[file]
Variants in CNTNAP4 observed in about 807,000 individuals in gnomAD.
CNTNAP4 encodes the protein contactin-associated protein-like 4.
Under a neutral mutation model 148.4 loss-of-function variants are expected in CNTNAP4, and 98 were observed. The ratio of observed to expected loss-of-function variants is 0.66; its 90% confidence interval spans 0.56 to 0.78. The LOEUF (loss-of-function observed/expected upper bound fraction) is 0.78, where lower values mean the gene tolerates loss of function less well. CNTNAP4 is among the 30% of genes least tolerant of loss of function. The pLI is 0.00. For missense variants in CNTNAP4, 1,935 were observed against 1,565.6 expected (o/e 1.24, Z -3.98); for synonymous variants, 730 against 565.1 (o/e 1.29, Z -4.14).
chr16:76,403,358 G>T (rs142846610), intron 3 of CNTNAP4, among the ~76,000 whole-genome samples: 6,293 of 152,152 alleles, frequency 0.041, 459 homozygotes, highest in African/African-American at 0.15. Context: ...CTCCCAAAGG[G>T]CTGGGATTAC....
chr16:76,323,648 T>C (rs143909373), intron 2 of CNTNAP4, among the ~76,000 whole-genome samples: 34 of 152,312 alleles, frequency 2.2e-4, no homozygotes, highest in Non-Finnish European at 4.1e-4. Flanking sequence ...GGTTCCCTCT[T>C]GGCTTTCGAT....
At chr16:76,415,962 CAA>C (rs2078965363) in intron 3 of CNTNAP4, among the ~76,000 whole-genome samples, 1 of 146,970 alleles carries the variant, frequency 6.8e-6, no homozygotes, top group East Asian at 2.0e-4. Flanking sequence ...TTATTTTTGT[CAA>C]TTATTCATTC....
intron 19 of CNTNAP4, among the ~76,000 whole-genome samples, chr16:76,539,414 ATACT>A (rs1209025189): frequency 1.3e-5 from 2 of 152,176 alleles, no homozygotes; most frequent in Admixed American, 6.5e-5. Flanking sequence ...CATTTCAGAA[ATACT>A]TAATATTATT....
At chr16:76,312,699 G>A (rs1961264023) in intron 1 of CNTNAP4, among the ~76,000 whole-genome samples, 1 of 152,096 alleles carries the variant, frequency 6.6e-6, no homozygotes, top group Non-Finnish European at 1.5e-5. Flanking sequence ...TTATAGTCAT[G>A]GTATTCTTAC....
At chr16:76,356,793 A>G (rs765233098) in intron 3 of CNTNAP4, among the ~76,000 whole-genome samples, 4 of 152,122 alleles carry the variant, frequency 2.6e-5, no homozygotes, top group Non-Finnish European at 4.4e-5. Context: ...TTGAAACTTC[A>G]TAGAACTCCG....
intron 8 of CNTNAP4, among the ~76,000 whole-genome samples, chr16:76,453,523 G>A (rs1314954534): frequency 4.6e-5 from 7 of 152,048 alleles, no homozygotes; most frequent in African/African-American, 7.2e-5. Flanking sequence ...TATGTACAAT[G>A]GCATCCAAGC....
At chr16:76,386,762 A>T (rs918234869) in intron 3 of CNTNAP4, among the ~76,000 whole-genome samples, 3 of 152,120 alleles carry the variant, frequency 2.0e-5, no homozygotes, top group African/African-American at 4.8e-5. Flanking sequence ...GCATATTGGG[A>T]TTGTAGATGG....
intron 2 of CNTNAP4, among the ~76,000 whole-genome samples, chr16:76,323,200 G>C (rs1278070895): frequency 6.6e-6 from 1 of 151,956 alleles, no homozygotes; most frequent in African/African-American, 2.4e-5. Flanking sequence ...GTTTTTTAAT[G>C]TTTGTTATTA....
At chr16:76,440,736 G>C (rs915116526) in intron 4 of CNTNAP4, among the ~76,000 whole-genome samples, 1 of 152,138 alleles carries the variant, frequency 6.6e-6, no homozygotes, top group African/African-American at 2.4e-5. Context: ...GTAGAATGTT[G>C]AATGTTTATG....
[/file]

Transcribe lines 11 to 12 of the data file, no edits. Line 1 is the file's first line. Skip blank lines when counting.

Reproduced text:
At chr16:76,386,762 A>T (rs918234869) in intron 3 of CNTNAP4, among the ~76,000 whole-genome samples, 3 of 152,120 alleles carry the variant, frequency 2.0e-5, no homozygotes, top group African/African-American at 4.8e-5. Flanking sequence ...GCATATTGGG[A>T]TTGTAGATGG....
intron 2 of CNTNAP4, among the ~76,000 whole-genome samples, chr16:76,323,200 G>C (rs1278070895): frequency 6.6e-6 from 1 of 151,956 alleles, no homozygotes; most frequent in African/African-American, 2.4e-5. Flanking sequence ...GTTTTTTAAT[G>C]TTTGTTATTA....